Even more strange was the fact that most of those in attendance were very opposed to the damage that boring a tunnel might cause on the above-ground historic structures and neighborhoods of West Pasadena, yet were all in favor of boring a tunnel in order to construct a light rail line that would conceivably connect “underserved neighborhoods” such as East L.A. with a portion of Pasadena whose neighborhoods apparently aren’t as historic and culturally significant and generally just old and rich and WASP-y as West Pasadena (the region for putting this proposed light rail line underground, by the way, is so citizens wouldn’t be forced to contend with new at-grade crossings, like the ones on the Metro Gold Line, because such crossings are obviously a dangerous nuisance that could potentially be the downfall of the entire city).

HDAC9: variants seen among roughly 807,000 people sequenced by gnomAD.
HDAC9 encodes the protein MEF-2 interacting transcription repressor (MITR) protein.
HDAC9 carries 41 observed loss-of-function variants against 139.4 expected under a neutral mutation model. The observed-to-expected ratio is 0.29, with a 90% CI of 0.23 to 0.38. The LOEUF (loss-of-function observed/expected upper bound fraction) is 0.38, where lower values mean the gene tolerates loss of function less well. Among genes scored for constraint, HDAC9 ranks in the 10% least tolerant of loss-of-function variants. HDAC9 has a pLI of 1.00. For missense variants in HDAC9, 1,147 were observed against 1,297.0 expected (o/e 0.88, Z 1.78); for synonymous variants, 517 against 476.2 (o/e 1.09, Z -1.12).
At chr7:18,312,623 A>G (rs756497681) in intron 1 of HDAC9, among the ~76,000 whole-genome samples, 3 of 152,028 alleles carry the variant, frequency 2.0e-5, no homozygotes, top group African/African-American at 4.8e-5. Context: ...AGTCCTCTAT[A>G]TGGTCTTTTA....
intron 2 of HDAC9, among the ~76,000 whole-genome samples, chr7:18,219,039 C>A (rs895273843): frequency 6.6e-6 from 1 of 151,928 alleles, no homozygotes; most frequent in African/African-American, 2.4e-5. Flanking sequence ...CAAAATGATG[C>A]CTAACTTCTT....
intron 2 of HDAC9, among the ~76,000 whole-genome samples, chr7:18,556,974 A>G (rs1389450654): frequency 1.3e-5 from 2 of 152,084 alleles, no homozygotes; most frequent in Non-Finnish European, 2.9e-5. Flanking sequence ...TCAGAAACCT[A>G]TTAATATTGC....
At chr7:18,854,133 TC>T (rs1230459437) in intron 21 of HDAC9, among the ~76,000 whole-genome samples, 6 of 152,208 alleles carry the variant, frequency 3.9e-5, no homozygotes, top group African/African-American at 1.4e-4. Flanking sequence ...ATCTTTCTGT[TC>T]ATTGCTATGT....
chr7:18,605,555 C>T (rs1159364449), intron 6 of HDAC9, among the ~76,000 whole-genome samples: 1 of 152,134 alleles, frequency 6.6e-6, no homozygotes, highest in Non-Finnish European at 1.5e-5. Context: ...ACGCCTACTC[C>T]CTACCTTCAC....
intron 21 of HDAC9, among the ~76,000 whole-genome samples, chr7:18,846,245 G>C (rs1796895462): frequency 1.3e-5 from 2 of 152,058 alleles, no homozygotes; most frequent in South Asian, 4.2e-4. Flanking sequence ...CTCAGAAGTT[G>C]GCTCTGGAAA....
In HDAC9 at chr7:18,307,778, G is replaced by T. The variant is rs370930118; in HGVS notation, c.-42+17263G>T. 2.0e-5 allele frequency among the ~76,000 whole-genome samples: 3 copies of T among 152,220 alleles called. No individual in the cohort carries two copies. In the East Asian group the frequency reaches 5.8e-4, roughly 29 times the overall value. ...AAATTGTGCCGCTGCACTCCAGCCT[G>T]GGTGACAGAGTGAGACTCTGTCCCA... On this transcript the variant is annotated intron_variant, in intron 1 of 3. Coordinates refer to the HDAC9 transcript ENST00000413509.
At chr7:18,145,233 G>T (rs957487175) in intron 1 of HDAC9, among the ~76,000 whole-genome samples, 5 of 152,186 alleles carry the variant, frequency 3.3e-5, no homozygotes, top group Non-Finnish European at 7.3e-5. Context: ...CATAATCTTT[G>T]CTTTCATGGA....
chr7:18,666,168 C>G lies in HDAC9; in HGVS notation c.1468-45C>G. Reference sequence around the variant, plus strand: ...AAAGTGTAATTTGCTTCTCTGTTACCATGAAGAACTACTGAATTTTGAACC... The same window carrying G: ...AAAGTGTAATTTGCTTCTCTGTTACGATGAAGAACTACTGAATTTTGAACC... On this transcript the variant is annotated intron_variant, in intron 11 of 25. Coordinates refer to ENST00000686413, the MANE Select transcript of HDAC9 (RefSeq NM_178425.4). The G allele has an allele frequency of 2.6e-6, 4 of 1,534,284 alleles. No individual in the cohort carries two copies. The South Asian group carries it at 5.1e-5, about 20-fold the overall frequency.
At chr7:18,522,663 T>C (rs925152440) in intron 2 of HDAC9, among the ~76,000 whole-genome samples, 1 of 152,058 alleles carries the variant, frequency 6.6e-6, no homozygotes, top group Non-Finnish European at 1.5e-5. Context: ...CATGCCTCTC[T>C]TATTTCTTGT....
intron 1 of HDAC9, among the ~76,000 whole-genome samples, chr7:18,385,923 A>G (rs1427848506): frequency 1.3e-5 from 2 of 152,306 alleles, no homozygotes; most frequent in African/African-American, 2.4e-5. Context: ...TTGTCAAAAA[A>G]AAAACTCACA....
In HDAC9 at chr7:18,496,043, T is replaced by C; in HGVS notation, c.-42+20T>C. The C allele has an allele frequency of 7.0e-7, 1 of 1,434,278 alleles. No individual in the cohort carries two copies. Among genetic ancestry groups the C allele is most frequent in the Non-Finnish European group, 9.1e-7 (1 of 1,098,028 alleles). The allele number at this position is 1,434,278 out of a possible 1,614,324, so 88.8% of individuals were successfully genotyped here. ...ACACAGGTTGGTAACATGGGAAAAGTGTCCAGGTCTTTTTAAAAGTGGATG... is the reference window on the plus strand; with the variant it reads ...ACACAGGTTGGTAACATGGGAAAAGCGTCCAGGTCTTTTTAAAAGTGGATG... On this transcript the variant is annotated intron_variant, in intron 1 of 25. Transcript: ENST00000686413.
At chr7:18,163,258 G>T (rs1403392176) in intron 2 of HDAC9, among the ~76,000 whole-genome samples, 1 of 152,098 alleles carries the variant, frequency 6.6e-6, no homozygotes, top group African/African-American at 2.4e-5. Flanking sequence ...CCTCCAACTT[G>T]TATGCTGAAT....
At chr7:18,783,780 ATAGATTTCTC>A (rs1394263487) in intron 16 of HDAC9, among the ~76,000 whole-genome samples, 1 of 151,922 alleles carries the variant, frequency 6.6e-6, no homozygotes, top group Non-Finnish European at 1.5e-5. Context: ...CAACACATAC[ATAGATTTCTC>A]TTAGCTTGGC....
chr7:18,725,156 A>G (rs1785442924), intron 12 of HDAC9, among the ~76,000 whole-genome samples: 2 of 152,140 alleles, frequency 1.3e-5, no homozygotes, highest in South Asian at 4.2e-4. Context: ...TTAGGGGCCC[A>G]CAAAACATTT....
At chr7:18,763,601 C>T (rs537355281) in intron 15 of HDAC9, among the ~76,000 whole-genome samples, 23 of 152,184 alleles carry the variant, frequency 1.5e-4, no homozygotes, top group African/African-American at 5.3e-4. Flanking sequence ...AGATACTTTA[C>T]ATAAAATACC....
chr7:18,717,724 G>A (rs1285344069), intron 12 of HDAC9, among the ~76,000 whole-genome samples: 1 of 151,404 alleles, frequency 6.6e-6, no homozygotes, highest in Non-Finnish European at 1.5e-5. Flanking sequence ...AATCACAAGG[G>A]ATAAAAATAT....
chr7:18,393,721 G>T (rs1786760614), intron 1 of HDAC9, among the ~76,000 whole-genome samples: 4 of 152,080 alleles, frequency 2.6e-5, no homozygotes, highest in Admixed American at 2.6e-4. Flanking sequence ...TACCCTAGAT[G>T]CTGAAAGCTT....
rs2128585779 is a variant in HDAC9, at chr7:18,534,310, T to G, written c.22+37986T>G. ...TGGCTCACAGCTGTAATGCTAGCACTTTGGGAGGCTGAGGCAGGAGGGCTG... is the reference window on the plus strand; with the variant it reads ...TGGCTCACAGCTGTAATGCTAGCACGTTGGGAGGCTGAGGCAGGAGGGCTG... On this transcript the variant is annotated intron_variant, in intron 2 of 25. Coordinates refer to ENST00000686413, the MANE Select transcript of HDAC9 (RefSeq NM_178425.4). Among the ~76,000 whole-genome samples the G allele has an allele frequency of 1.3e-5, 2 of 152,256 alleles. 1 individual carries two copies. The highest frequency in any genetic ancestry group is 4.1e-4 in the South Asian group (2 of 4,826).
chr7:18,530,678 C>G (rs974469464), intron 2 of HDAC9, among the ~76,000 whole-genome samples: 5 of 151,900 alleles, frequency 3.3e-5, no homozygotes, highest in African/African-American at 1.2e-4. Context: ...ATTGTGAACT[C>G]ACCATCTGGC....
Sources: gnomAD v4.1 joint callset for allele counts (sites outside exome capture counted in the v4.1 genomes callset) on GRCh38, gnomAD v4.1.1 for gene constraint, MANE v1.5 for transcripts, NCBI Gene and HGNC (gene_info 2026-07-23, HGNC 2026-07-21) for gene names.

Needless to say, when the vote was taken it became apparent that there will be no SR-710 Tunnel anytime soon. This reporter would like to conclude this piece by saying he wrote this entire thing while stuck in traffic on an L.A. Metro bus.